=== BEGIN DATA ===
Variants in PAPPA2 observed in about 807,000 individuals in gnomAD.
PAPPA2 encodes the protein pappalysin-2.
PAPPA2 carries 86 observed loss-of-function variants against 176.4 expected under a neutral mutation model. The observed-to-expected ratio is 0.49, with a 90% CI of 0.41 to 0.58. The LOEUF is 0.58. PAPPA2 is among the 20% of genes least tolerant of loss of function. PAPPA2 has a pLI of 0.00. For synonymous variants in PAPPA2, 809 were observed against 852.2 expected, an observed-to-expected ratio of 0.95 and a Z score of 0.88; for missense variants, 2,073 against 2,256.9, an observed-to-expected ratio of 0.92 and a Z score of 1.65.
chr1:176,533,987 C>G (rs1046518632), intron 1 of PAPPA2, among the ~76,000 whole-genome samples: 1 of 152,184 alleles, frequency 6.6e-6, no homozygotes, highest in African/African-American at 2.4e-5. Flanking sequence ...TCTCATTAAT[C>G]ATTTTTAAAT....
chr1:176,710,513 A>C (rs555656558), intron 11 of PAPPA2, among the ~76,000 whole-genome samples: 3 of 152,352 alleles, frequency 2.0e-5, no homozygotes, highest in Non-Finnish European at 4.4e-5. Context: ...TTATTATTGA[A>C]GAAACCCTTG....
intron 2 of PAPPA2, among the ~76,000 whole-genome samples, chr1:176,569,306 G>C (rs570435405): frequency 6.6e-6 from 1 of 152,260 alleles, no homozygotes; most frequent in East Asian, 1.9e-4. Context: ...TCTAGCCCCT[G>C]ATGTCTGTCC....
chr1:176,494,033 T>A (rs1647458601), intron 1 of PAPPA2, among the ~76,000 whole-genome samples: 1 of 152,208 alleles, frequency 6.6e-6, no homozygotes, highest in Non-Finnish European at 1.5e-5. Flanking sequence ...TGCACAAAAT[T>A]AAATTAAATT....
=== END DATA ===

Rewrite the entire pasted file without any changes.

Variants in PAPPA2 observed in about 807,000 individuals in gnomAD.
PAPPA2 encodes the protein pappalysin-2.
PAPPA2 carries 86 observed loss-of-function variants against 176.4 expected under a neutral mutation model. The observed-to-expected ratio is 0.49, with a 90% CI of 0.41 to 0.58. The LOEUF is 0.58. PAPPA2 is among the 20% of genes least tolerant of loss of function. PAPPA2 has a pLI of 0.00. For synonymous variants in PAPPA2, 809 were observed against 852.2 expected, an observed-to-expected ratio of 0.95 and a Z score of 0.88; for missense variants, 2,073 against 2,256.9, an observed-to-expected ratio of 0.92 and a Z score of 1.65.
chr1:176,533,987 C>G (rs1046518632), intron 1 of PAPPA2, among the ~76,000 whole-genome samples: 1 of 152,184 alleles, frequency 6.6e-6, no homozygotes, highest in African/African-American at 2.4e-5. Flanking sequence ...TCTCATTAAT[C>G]ATTTTTAAAT....
chr1:176,710,513 A>C (rs555656558), intron 11 of PAPPA2, among the ~76,000 whole-genome samples: 3 of 152,352 alleles, frequency 2.0e-5, no homozygotes, highest in Non-Finnish European at 4.4e-5. Context: ...TTATTATTGA[A>C]GAAACCCTTG....
intron 2 of PAPPA2, among the ~76,000 whole-genome samples, chr1:176,569,306 G>C (rs570435405): frequency 6.6e-6 from 1 of 152,260 alleles, no homozygotes; most frequent in East Asian, 1.9e-4. Context: ...TCTAGCCCCT[G>C]ATGTCTGTCC....
chr1:176,494,033 T>A (rs1647458601), intron 1 of PAPPA2, among the ~76,000 whole-genome samples: 1 of 152,208 alleles, frequency 6.6e-6, no homozygotes, highest in Non-Finnish European at 1.5e-5. Flanking sequence ...TGCACAAAAT[T>A]AAATTAAATT....